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Welcome to Mrs Darley's Blog

This blogspot has been created especially for those who wish to share their ideas and thoughts about the natural world as the year turns and the ancient Pagan festivals that were once celebrated by our ancestors.

Poetry, prose craft work, ancient cure craft and general thoughts and feelings on how the change in the weather and seasons makes you feel are all encouraged and welcomed.

Mrs Darley was my once next door neighbour when I lived amongst the wilds of Bodmin Moor in Cornwall back in the early 1990's. Her charismatic ways and unending wisdom lead me on a journey of self discovery as I spiralled ever further into her magical world.

She has since become the central character in the 'Mrs Darley' series of books.

Mrs Darley's Pagan Whispers

Mrs Darley's Moon Mysteries

Mrs Darley's Pagan Elements

Mrs Darley's Pagan Healing Wisdom






Friday, 4 February 2011

Who was the Goddess Bride?


As previously mentioned, the Goddess Bride has become synonymous with the midwinter festivals of Imbolc. We know she was the daughter of the Divine being Daghda and that she was the patron of healers, smiths and poets, but in order to have an affinity with her it becomes important to discover who she really was.

Some say Bride was brought up as a wizard and acquired the enviable skills of multiplying both food and drink and having the ability to turn her bath water into wine (a familiar story?). She was revered as the Goddess of light and her domain in the house was the hearth, where many an altarwas set up in her honour. She also presided over the harvest, livestock and was often depicted with a bird of prey.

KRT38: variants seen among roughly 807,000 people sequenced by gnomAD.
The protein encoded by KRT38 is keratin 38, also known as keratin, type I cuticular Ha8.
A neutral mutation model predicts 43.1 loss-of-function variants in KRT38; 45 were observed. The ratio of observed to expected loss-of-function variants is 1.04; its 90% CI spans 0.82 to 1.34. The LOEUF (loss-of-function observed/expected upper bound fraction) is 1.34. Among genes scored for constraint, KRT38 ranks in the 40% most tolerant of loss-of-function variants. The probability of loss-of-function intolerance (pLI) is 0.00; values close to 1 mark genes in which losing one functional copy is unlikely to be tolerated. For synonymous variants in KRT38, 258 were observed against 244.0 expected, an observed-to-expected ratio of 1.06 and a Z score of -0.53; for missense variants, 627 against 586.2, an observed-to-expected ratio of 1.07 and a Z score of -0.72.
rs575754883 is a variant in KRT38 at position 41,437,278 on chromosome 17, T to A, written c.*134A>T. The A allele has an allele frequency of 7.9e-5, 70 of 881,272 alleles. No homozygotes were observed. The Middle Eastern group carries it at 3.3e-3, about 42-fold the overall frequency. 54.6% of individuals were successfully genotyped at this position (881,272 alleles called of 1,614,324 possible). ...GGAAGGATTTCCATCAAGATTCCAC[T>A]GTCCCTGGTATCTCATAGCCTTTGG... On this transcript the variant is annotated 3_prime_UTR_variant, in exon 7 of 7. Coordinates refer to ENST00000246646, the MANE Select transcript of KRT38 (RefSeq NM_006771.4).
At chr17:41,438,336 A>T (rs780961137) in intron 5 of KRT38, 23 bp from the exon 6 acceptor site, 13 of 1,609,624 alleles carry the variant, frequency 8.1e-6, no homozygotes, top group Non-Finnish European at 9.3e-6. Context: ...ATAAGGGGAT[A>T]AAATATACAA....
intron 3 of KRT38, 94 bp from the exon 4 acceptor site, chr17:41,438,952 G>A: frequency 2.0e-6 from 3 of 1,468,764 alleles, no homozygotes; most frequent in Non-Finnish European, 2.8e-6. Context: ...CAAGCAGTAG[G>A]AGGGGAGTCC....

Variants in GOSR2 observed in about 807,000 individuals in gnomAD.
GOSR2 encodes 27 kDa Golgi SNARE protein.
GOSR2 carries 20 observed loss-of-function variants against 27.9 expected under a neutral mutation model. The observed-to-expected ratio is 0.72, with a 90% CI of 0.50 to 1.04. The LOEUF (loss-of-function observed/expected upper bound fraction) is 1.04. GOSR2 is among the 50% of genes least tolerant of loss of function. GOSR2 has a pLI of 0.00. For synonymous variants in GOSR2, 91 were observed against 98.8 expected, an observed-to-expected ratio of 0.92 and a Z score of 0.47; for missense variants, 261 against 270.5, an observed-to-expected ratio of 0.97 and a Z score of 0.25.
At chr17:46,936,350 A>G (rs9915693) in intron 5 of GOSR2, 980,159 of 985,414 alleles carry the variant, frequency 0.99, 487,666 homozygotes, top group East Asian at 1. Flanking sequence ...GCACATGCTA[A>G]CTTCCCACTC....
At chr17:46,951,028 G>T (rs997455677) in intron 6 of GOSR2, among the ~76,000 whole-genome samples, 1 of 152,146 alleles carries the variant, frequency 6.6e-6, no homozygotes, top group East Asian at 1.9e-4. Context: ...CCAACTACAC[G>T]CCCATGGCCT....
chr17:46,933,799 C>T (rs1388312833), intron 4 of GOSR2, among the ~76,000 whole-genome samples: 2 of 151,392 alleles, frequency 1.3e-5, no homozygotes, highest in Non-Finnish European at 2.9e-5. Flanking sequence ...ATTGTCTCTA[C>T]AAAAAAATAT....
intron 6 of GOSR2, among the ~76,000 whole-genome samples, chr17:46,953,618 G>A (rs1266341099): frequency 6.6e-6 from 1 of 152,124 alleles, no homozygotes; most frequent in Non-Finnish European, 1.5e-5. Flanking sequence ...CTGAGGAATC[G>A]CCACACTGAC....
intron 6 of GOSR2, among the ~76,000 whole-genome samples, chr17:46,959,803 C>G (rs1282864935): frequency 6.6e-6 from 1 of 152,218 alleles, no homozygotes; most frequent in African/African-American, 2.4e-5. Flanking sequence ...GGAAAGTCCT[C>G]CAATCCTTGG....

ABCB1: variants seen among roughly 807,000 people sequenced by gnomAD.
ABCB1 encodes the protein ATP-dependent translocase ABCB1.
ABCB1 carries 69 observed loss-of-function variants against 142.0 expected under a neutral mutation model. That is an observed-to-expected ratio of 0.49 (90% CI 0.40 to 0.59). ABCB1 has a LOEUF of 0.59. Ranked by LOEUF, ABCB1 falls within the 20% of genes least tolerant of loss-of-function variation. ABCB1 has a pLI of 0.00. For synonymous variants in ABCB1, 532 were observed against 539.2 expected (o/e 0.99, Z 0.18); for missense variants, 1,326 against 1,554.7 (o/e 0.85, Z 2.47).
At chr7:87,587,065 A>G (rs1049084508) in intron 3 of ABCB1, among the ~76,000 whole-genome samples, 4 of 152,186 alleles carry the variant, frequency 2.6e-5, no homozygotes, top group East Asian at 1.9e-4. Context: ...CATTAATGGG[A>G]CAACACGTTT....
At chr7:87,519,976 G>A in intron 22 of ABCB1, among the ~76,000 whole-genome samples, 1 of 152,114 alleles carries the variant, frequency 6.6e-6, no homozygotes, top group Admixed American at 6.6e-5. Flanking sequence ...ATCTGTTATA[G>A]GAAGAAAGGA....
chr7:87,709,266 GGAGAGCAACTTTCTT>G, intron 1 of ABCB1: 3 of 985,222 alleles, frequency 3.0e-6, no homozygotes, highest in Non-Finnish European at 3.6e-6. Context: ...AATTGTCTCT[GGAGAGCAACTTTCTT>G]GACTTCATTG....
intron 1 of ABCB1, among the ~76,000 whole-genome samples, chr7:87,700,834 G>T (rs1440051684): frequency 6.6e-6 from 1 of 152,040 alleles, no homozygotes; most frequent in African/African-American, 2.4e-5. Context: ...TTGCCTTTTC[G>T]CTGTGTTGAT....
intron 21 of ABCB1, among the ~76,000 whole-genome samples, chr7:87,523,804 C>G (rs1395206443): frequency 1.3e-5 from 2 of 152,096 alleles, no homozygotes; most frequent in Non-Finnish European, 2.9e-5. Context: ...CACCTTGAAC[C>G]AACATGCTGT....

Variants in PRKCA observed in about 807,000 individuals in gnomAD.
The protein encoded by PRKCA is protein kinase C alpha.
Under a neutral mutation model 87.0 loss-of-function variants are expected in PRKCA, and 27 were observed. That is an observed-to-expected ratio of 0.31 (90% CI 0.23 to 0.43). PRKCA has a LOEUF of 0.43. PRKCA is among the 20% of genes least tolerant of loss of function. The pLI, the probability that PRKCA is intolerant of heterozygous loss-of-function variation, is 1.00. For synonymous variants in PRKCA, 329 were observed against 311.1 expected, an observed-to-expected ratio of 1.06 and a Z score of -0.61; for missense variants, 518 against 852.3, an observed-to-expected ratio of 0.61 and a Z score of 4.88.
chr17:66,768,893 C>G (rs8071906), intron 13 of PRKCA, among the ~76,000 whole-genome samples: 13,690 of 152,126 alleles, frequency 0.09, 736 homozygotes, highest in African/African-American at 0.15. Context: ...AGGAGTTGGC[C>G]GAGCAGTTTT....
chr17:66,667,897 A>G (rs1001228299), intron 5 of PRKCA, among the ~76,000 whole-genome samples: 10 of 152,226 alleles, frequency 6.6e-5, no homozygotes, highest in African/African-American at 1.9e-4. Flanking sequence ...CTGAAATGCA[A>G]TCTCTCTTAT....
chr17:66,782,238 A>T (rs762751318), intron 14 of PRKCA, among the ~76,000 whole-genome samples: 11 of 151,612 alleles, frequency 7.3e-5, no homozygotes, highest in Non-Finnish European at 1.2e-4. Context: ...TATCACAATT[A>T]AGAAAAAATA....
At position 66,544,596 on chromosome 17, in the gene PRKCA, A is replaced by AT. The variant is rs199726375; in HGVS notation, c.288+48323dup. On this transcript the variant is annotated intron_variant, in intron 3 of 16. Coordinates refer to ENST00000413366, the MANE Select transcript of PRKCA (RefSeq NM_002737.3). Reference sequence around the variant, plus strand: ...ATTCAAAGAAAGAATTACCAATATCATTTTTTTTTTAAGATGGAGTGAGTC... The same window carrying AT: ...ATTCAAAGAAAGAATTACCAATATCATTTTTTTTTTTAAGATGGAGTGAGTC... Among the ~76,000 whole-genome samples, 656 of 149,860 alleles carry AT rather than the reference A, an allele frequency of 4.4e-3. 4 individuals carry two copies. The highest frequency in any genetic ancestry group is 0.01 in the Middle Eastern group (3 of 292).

Bride, rather appropriately, looked after brides on their wedding day and was often called upon to assist those in child birth as well as being the guardian of children.

It comes as little surprise then that when christianity came to these islands, the Goddess who was held so dear in the hearts of the Celts should be embraced and christianised by the early church. More later about her christianised role and her association with fire.

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